They fear pain and sometimes anger, perhaps in the guise of a neighbor's dog.
But not death, the idea of which never so much as occurs to them until they see it in a dead animal or person, a pet or perhaps a relative.
But then, as soon as they get it, they are afraid.
Though it still doesn't really prey upon them until they realize it inescapably will happen also to them.
That's sometime in adolescence, usually.
And then they acquire fear of death as a permanent feature of their human condition that barely lapses even for the most desperately suicidal.
Or so it seems.
Michael Dibdin, perhaps his best book.
Of the several of his I have read so far this is the most like a real policier.
Often his cop, Aurelio Zen, just blunders around - interestingly - until the case solves itself.
Not this time.
And yet, he still doesn't get it right.
Hence one who offers us as reasons what he believes to be false is a liar at least by intention if not also in fact.
Little better if at all, and indeed sometimes worse, is one who in his own understanding offers reasons that, though valid, are defeated by better.
And then there are those who offer what they believe irrelevant, or what they think would be that if true.
We ask for bread and we are given stones.
But all's fair in love and war, eh?
And politics is just war with less violence.
What is one to do, after all, if, about to be religiously slaughtered, he sees that a lying story of God's will may help?
If, about to be punished for the most moral of reasons for a harmless episode with a consenting adult, he sees that a certain meaningless moral jabber might get him free?
Did not Bill Clinton's defenders remind us with a sort of shrug that everyone - yes, they said that, everyone - lies about sex?
And business is business, is it not?
And, anyway, what is all this nonsense about what's "fair"?
Compare the 1950s film noir of Fritz Lang - or TV's Dragnet, for that matter - to the criminal brutality of police in contemporary depiction.
In While The City Sleeps, a movie of 1956, police search desperately for a serial killer who, from what we are told, would today be described as a sexual sadist.
We are shown a few minutes of them questioning a suspect they have been grilling for hours.
They never touch the man, crowd him, or seem to threaten violence.
There is no bullying, at all.
There is no profanity, and they don't even raise their voices.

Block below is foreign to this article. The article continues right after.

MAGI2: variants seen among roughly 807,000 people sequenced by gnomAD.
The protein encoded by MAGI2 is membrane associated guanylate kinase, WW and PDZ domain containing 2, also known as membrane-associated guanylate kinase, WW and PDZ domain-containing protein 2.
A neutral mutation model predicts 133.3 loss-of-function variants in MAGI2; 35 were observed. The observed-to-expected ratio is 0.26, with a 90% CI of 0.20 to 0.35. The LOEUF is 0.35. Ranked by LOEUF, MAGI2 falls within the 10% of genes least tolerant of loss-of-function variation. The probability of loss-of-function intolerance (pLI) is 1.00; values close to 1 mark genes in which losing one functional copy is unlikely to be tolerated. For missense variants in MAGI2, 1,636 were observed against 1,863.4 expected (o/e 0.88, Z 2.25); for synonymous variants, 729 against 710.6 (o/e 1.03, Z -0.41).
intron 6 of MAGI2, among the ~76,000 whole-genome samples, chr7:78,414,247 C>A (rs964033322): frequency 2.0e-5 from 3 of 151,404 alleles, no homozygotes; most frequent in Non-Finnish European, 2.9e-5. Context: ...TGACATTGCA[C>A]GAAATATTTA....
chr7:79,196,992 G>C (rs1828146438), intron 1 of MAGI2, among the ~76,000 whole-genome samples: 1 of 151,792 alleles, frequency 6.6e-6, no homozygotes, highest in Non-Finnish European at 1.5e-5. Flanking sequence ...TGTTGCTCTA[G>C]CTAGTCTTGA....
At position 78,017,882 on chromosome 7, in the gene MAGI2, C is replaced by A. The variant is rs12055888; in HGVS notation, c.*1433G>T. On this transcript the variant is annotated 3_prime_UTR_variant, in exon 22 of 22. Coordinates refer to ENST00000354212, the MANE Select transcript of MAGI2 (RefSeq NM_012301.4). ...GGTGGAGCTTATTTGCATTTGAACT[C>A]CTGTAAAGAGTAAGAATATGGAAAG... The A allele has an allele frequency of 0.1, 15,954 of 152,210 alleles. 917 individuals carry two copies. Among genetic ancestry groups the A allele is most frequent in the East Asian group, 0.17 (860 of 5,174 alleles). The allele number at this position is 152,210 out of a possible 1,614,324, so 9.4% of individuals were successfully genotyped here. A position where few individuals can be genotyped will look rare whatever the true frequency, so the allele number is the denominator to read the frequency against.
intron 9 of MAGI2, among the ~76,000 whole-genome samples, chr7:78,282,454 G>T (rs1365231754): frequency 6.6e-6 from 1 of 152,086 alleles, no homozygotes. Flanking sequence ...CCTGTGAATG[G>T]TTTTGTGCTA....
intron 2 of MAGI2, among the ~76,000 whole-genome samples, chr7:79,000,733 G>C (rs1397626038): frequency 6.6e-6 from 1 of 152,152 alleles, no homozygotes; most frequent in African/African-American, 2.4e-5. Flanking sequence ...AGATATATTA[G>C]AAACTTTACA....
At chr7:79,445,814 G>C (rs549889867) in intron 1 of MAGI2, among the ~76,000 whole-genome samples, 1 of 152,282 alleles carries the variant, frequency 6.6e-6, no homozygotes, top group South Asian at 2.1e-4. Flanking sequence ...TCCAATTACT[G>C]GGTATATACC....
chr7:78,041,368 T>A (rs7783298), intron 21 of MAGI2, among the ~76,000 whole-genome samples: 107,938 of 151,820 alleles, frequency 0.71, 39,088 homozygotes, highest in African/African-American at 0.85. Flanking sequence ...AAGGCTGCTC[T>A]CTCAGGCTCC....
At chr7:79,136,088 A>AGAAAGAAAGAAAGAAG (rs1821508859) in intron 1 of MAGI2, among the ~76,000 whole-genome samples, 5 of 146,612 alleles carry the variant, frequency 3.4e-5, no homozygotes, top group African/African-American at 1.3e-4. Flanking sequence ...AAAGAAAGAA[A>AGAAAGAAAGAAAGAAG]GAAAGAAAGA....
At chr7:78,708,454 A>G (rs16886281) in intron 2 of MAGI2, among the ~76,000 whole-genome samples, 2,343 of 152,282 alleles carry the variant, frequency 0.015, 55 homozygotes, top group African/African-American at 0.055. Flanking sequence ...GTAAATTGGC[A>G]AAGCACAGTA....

He's not the guy, and when they finally trap the real killer they handle him with minimal force.
Too, we are shown a crime scene.
An actress in disheveled clothes plays dead.
No blood, not much mess, no nudity.
Police behavior in the classic, The Naked City, is much the same.
The contrast with contemporary depiction could hardly be more egregious.
Blue Bloods is one of TV's more "wholesome" cop shows and its hero, Danny Reagan, is a sociopathic brute who regularly beats people, sometimes to obtain a confession, and in nearly every episode violates someone's rights out of irrepressible rage in his never flagging refusal to work within the law.
And then there is Low Winter Sun.
Whatever this change says about our society, whatever it does to it, I suppose it can't be good.
To begin with, it makes the piece artistically worse, substituting for dramatic representation matter primarily appealing to the prurient interest - entirely appropriate for porn and sex shows - or the sadism and vicarious brutality of boxing and other fight shows.
Think of it as a rule.
Artistic representation is not the real thing, and vice versa.
Watching what is unmistakably an artistic representation for entertainment is psychologically different from watching the real thing, or even a visual recording of the real thing, and sometimes radically so.
Was that not the lesson of 8 Millimeter?
I refer both to acts of violence and to sexual acts and displays.
If there is a sort of continuum, then the more realistic the portrayal the more the experience approaches that of watching the real thing, and so the less it is an experience of art.
Hence the use of color rather than black and white is rarely an aesthetic improvement.
But in the matter of this change in the depiction of the police and their everyday work, something else is also at stake.
I refer to the public perception of the police, public expectations of them, and public expectations regarding our own treatment at the hands of the police.
Are they the guys next door, our neighbors, the decent fellows we might invite over for a Labor Day barbecue, people we and our families are safe with?
Or are they thugs and riff raff employed by the state to repress the rest of society's trash, those the state does not employ?
People you would certainly not feel comfortable having too close to yourself or your family?
And which, for that matter, do we want to be true?
Do we want our police to be law abiding, decent fellows or sociopathic brutes?
And which do our rulers want?
Sure, many of us want it both ways.
We want the cops to be savages with the savage but mild and safe as Mister Rodgers with us and our own.
But can you ever really trust an attack dog bred to rip people apart and to kill?
Are Plato's guardians, here as well, a kind of Jeckle and Hyde pipe dream?
Poetry in English, like God, is dead.
It was killed in America by Whitman, though that was not his intention.
Anyone with even a minor in English knows this.
Interesting that painting, too, became gravely ill, and sculpture only in lesser degree, over the same period.
Critics, museums, patrons, schools, and producers can call anything art, poetry, music, drama, or dance, in defiance of meanings settled by centuries of practice.
That doesn't make it true.
Nor even that, though different, it's just as good, or anyway somewhat good.
Audiences don't need to play along.